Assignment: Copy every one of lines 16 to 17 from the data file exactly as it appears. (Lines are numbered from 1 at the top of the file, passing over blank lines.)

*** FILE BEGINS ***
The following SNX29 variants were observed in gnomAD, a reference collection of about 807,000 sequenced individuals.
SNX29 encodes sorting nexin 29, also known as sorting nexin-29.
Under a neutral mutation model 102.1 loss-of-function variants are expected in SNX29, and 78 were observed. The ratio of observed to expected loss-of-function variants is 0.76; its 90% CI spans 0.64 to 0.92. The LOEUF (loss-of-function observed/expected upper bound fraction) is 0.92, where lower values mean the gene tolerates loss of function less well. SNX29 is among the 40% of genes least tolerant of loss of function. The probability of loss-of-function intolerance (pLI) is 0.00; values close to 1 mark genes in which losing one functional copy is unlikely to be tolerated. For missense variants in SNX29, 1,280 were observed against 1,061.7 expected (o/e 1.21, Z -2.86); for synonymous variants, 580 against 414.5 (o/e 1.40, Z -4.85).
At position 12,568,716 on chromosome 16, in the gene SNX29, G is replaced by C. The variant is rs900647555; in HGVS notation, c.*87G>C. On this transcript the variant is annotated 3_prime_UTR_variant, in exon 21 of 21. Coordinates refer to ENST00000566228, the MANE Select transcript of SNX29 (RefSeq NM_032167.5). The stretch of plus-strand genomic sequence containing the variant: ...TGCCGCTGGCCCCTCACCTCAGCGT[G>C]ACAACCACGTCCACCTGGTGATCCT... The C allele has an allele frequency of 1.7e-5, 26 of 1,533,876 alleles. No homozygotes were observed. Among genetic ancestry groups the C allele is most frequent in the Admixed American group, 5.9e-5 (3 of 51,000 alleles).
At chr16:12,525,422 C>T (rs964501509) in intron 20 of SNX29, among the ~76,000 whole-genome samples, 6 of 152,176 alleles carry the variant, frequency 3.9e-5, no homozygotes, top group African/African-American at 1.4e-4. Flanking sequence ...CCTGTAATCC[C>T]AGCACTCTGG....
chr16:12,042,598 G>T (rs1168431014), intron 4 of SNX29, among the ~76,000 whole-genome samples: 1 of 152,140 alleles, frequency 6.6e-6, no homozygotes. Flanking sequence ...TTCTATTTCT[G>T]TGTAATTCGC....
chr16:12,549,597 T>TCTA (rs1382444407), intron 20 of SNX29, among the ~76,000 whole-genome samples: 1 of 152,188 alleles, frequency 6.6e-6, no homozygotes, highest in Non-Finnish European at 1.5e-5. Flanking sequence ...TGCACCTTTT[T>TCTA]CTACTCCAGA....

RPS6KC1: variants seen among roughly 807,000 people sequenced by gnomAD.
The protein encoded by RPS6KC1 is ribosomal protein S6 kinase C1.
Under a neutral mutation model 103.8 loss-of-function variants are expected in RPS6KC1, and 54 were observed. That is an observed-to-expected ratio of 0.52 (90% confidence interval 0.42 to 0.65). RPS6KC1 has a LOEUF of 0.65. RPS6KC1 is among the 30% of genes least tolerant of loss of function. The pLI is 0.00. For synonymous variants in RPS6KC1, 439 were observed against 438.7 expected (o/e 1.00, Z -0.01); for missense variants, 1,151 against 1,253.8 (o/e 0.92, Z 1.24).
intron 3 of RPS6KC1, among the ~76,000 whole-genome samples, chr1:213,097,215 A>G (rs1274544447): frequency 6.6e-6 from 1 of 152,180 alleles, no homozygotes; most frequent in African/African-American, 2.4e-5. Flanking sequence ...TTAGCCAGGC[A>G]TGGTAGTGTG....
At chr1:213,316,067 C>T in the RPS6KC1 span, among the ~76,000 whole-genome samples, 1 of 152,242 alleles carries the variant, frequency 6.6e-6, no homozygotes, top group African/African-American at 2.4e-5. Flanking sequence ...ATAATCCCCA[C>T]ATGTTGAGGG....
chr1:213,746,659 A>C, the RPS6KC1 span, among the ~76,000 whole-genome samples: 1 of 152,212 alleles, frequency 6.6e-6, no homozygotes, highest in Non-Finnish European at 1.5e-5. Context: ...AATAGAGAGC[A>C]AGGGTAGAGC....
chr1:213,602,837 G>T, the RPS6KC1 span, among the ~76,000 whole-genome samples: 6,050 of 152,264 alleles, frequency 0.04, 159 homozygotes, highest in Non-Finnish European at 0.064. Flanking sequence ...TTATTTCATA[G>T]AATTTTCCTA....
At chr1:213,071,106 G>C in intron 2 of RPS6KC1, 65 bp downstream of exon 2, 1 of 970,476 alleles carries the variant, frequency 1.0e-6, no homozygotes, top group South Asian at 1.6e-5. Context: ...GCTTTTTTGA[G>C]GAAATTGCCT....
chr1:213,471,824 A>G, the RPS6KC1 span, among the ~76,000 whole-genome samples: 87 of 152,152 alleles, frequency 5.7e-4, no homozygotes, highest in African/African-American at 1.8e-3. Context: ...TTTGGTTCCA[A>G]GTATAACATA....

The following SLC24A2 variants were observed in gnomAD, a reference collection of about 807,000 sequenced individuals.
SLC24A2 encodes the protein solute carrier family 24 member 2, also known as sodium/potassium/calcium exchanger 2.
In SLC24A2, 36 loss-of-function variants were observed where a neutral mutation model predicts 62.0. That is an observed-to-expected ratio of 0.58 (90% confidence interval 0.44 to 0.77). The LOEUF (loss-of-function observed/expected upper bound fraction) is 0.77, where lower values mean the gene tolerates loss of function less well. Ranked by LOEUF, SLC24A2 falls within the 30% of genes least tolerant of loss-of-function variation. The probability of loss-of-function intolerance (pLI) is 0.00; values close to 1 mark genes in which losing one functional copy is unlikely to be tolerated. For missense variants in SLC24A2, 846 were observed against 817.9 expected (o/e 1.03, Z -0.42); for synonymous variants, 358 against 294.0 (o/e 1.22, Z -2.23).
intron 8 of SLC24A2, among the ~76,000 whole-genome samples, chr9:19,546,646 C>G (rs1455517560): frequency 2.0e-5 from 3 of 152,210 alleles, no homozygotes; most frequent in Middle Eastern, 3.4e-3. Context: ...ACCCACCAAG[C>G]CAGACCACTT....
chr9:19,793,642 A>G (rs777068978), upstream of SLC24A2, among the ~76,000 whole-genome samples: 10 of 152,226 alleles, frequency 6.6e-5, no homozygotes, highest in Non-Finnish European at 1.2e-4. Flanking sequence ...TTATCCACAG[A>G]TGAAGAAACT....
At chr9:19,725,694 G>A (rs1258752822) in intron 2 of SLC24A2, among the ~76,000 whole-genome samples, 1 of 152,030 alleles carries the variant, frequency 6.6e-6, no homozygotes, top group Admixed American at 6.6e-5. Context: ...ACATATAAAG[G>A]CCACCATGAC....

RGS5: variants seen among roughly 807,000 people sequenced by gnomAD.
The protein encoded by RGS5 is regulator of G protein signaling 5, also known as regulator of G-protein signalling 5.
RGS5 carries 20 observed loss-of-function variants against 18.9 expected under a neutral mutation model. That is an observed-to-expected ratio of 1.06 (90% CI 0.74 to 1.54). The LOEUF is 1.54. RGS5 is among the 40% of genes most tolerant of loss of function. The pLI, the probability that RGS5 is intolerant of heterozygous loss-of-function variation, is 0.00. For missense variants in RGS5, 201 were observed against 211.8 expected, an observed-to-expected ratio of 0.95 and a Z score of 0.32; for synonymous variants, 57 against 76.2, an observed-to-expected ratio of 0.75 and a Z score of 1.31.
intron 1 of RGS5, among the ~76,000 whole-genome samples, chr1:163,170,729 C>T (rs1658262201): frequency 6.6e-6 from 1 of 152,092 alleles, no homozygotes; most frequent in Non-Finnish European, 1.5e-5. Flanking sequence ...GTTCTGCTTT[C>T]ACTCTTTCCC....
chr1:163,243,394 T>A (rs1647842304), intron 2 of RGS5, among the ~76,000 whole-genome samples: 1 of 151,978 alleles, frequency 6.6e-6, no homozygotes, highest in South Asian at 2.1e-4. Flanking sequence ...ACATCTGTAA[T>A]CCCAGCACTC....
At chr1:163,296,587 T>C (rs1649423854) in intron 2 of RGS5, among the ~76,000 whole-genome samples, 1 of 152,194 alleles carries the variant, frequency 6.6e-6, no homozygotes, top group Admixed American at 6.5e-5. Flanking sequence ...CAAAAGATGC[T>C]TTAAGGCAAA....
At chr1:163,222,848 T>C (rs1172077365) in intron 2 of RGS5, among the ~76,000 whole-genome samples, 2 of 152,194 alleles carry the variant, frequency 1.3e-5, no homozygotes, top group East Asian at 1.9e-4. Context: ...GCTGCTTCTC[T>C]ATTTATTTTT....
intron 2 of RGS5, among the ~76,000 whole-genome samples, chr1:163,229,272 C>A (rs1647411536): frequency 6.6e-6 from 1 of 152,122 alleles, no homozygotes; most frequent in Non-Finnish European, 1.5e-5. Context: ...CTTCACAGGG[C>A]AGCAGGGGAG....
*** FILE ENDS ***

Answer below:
chr1:213,471,824 A>G, the RPS6KC1 span, among the ~76,000 whole-genome samples: 87 of 152,152 alleles, frequency 5.7e-4, no homozygotes, highest in African/African-American at 1.8e-3. Context: ...TTTGGTTCCA[A>G]GTATAACATA....

The following SLC24A2 variants were observed in gnomAD, a reference collection of about 807,000 sequenced individuals.